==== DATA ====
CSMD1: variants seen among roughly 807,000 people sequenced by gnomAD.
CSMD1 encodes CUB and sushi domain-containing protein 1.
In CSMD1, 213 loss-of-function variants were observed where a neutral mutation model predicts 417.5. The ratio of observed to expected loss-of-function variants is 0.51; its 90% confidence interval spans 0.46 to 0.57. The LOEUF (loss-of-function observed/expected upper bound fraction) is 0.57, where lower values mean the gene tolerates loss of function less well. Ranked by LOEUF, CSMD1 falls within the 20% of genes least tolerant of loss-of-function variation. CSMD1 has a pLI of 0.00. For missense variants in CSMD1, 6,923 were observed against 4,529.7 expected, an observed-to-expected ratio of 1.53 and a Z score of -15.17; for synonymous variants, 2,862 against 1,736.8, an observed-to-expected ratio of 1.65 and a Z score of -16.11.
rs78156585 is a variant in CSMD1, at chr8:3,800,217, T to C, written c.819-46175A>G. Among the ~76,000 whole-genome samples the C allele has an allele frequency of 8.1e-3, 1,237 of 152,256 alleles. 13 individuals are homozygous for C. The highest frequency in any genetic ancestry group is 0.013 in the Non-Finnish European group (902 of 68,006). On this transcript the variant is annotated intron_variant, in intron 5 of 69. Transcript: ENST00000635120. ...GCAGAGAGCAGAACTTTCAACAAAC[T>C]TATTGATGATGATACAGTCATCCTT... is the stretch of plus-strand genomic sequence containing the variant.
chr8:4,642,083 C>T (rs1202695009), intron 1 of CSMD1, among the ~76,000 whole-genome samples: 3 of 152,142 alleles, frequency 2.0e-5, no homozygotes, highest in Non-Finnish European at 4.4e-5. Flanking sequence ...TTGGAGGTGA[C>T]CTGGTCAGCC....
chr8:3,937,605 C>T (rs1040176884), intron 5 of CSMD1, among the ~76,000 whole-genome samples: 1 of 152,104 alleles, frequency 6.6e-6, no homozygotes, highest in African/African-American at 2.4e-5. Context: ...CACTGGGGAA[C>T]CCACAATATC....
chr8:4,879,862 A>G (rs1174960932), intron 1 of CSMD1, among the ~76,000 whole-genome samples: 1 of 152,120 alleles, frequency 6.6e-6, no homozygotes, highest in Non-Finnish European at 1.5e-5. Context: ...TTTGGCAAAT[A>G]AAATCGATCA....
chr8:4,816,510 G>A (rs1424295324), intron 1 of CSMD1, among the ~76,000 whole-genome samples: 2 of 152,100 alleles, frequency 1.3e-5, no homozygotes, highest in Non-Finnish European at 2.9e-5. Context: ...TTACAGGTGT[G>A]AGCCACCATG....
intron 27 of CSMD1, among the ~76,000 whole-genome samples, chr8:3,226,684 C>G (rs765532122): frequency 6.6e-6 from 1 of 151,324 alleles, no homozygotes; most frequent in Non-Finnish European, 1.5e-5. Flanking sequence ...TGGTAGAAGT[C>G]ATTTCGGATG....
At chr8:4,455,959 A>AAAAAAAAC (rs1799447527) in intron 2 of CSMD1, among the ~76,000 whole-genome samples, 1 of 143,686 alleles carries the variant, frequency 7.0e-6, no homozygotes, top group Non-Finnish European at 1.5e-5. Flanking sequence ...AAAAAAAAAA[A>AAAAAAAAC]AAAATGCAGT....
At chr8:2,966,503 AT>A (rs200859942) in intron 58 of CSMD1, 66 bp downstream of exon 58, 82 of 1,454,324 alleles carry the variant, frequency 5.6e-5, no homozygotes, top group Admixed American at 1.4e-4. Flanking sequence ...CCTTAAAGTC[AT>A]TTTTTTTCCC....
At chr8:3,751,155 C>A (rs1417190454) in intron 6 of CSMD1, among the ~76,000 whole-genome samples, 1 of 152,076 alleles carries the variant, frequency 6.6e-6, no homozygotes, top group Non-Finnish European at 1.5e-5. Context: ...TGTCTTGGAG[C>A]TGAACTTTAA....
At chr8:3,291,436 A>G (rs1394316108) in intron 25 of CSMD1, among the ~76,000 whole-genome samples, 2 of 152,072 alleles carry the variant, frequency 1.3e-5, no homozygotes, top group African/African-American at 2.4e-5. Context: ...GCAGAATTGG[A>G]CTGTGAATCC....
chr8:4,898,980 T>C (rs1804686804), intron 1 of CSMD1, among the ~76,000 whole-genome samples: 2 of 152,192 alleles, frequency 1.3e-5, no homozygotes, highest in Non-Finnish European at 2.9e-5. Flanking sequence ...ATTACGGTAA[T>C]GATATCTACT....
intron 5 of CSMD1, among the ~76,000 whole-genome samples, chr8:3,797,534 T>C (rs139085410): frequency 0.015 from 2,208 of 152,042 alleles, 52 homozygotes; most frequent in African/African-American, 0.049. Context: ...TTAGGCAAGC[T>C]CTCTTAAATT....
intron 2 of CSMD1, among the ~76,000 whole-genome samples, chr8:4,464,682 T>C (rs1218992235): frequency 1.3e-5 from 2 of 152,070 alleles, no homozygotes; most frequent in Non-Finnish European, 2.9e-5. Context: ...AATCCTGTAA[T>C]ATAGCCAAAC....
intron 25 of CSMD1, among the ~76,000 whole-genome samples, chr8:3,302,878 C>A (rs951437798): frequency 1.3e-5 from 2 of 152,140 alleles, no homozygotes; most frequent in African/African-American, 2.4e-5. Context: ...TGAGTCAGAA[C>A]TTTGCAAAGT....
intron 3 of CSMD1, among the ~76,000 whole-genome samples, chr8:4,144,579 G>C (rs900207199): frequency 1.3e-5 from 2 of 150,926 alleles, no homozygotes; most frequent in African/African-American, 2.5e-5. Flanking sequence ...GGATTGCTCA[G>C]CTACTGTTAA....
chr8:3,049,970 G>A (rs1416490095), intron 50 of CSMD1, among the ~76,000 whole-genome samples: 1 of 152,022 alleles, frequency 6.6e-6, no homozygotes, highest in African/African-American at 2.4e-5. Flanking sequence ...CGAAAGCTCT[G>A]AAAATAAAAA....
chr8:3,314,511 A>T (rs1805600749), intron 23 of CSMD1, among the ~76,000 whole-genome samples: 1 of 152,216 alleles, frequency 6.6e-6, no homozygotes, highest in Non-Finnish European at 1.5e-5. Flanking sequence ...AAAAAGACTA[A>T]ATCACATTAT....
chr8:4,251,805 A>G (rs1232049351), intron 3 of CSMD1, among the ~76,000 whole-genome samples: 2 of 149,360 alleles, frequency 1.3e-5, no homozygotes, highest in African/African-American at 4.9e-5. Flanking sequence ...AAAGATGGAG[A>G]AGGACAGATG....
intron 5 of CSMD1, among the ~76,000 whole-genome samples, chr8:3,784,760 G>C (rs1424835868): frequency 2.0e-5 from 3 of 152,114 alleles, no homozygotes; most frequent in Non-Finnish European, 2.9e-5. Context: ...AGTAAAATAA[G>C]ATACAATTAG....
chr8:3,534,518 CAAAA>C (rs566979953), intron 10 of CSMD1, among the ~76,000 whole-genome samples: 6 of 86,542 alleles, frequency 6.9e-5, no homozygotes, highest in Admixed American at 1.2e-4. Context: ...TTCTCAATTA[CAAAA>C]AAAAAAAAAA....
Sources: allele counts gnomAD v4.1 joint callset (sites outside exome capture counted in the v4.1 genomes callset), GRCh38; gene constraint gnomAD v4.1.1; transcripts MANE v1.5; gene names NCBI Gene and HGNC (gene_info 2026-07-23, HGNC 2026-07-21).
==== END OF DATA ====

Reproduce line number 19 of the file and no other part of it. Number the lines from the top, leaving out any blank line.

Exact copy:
chr8:3,049,970 G>A (rs1416490095), intron 50 of CSMD1, among the ~76,000 whole-genome samples: 1 of 152,022 alleles, frequency 6.6e-6, no homozygotes, highest in African/African-American at 2.4e-5. Flanking sequence ...CGAAAGCTCT[G>A]AAAATAAAAA....